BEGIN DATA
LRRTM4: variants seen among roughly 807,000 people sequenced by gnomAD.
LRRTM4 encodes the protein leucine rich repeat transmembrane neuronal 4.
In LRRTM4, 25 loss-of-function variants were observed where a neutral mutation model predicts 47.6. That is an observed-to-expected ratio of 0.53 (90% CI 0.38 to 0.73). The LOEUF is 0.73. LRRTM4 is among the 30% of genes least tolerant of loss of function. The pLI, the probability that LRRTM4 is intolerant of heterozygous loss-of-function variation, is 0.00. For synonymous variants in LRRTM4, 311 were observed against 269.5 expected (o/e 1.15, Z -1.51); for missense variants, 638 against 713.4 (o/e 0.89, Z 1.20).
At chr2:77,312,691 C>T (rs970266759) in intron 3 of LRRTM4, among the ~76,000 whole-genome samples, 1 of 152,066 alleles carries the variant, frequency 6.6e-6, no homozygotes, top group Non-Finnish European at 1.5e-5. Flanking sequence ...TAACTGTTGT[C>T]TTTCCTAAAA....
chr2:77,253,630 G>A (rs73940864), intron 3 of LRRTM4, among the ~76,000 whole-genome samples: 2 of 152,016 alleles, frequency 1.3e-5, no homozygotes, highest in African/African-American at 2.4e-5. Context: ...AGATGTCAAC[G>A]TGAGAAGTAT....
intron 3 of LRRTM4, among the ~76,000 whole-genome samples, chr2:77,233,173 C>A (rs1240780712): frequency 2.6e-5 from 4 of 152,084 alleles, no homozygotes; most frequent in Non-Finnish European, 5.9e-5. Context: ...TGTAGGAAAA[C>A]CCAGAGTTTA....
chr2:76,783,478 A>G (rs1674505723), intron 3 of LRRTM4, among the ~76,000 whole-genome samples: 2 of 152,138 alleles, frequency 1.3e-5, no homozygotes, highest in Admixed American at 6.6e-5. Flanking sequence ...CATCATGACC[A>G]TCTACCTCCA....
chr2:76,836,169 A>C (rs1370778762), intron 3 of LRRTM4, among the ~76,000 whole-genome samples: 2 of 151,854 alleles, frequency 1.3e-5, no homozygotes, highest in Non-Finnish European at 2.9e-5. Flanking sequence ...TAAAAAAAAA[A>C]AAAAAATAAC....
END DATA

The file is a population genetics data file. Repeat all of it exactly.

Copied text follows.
LRRTM4: variants seen among roughly 807,000 people sequenced by gnomAD.
LRRTM4 encodes the protein leucine rich repeat transmembrane neuronal 4.
In LRRTM4, 25 loss-of-function variants were observed where a neutral mutation model predicts 47.6. That is an observed-to-expected ratio of 0.53 (90% CI 0.38 to 0.73). The LOEUF is 0.73. LRRTM4 is among the 30% of genes least tolerant of loss of function. The pLI, the probability that LRRTM4 is intolerant of heterozygous loss-of-function variation, is 0.00. For synonymous variants in LRRTM4, 311 were observed against 269.5 expected (o/e 1.15, Z -1.51); for missense variants, 638 against 713.4 (o/e 0.89, Z 1.20).
At chr2:77,312,691 C>T (rs970266759) in intron 3 of LRRTM4, among the ~76,000 whole-genome samples, 1 of 152,066 alleles carries the variant, frequency 6.6e-6, no homozygotes, top group Non-Finnish European at 1.5e-5. Flanking sequence ...TAACTGTTGT[C>T]TTTCCTAAAA....
chr2:77,253,630 G>A (rs73940864), intron 3 of LRRTM4, among the ~76,000 whole-genome samples: 2 of 152,016 alleles, frequency 1.3e-5, no homozygotes, highest in African/African-American at 2.4e-5. Context: ...AGATGTCAAC[G>A]TGAGAAGTAT....
intron 3 of LRRTM4, among the ~76,000 whole-genome samples, chr2:77,233,173 C>A (rs1240780712): frequency 2.6e-5 from 4 of 152,084 alleles, no homozygotes; most frequent in Non-Finnish European, 5.9e-5. Context: ...TGTAGGAAAA[C>A]CCAGAGTTTA....
chr2:76,783,478 A>G (rs1674505723), intron 3 of LRRTM4, among the ~76,000 whole-genome samples: 2 of 152,138 alleles, frequency 1.3e-5, no homozygotes, highest in Admixed American at 6.6e-5. Flanking sequence ...CATCATGACC[A>G]TCTACCTCCA....
chr2:76,836,169 A>C (rs1370778762), intron 3 of LRRTM4, among the ~76,000 whole-genome samples: 2 of 151,854 alleles, frequency 1.3e-5, no homozygotes, highest in Non-Finnish European at 2.9e-5. Flanking sequence ...TAAAAAAAAA[A>C]AAAAAATAAC....